Canada and the United Kingdom are set to become flatmates in embassies around the world.
The news comes during a meeting between the countries' foreign ministers Monday and will see Canada gain access to the UK's African embassies and the UK gain access to Canada's Caribbean embassies.
The countries agreed that both would share their embassy and consulate space where the other does not have representation, reported CTV.
The National Post reported that the move would mean sharing facilities, support staff, security and some consular services.
Diplomatic officials would still represent their own country.
Before the meeting with his Canadian counterpart, British Foreign Secretary William Hague said of the agreement: "As the prime minister [David Cameron] said when addressing the Canadian parliament last year: 'We are two nations, but under one Queen and united by one set of values.' We have stood shoulder to shoulder [in situations from] the great wars of the last century to fighting terrorists in Afghanistan and supporting 'Arab spring' nations, like Libya and Syria."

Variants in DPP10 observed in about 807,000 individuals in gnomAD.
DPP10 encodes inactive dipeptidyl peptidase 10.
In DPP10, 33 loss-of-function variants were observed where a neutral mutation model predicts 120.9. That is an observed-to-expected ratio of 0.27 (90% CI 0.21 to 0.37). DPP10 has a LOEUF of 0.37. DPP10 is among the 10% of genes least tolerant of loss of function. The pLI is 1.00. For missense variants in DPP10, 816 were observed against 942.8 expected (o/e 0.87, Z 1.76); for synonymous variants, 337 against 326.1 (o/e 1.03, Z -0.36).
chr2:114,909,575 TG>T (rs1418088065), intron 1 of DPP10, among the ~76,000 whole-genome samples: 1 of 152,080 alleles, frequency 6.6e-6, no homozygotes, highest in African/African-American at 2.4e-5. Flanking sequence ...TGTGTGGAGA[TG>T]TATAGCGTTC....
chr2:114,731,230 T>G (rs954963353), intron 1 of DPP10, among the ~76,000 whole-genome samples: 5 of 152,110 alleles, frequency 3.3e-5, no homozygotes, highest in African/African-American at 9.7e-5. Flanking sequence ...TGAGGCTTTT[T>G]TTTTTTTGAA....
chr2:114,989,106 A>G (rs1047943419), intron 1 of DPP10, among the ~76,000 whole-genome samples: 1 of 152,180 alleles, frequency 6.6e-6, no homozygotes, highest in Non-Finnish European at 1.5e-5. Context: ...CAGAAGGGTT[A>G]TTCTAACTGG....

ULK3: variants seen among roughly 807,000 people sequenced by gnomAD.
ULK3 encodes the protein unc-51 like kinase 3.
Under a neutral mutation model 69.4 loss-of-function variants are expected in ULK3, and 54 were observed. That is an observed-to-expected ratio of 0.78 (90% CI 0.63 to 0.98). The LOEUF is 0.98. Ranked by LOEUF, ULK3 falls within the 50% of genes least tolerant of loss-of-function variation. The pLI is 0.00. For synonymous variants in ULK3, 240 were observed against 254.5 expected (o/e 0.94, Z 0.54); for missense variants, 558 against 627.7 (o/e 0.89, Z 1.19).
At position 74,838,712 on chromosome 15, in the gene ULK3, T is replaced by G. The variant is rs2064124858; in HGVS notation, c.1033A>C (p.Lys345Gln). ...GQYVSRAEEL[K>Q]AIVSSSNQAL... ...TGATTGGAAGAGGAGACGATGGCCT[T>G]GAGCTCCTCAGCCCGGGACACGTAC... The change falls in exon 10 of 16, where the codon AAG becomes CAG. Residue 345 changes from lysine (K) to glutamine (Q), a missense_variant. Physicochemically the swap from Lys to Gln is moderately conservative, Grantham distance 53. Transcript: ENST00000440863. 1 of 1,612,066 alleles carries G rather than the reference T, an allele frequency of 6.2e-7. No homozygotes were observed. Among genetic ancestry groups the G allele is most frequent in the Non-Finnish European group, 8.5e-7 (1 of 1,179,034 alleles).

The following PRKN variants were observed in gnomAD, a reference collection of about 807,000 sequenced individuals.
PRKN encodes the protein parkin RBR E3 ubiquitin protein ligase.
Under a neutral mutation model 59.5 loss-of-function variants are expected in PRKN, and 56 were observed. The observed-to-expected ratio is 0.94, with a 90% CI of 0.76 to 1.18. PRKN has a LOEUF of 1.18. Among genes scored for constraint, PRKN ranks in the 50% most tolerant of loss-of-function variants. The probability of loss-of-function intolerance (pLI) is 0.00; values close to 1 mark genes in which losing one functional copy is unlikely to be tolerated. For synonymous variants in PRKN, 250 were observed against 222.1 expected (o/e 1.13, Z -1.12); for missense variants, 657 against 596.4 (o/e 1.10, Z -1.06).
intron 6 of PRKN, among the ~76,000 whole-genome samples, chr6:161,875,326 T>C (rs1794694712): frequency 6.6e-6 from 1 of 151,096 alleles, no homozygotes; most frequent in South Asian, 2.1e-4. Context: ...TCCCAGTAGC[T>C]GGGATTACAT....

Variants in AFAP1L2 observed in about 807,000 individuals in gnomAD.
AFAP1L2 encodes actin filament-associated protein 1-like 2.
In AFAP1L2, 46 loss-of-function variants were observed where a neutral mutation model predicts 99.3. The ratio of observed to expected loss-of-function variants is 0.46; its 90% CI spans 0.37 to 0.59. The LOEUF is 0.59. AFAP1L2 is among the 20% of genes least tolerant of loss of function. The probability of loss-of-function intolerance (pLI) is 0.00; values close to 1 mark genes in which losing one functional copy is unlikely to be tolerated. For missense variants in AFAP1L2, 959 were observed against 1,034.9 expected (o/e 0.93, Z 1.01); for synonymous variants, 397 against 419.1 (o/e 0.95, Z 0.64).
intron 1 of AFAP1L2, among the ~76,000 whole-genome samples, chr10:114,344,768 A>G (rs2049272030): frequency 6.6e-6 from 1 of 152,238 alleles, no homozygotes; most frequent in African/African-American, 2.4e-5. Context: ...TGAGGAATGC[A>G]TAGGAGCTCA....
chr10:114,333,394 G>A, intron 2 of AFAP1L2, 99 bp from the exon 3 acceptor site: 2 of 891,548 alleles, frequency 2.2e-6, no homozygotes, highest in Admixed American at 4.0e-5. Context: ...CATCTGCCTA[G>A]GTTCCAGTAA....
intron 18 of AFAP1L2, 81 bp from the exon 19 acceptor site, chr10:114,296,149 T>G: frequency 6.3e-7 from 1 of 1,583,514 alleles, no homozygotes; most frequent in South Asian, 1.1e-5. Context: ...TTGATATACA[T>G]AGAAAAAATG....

He went on to say, according to the Guardian: "We are first cousins. So it is natural that we look to link up our embassies with Canada's in places where that suits both countries. It will give us a bigger reach abroad for our businesses and people for less cost."
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The UK suggested that similar initiatives may be sought with New Zealand and Australia to cut down on costs of far-flung, little serviced embassies and consulates.
The initiative is not without precedent.
The Globe and Mail pointed out that in Myanmar, Canada's diplomatic presence is housed in the British embassy, while in Mali, British diplomats are housed in the Canadian embassy.
Critics of the increased cooperation say that Canada and the UK have too little in common, while the UK's foreign policy raises much more ire around the world, possibly putting Canadian diplomats in danger.
“We have an incompatible brand with the UK,” said Paul Heinbecker, the former Canadian ambassador to Germany and permanent representative of Canada to the United Nations in New York, reported the Globe and Mail.
“The idea that we have a sufficient amount in common with the British that it makes sense that we share premises as a matter of routine, that, I think, is a mistake.”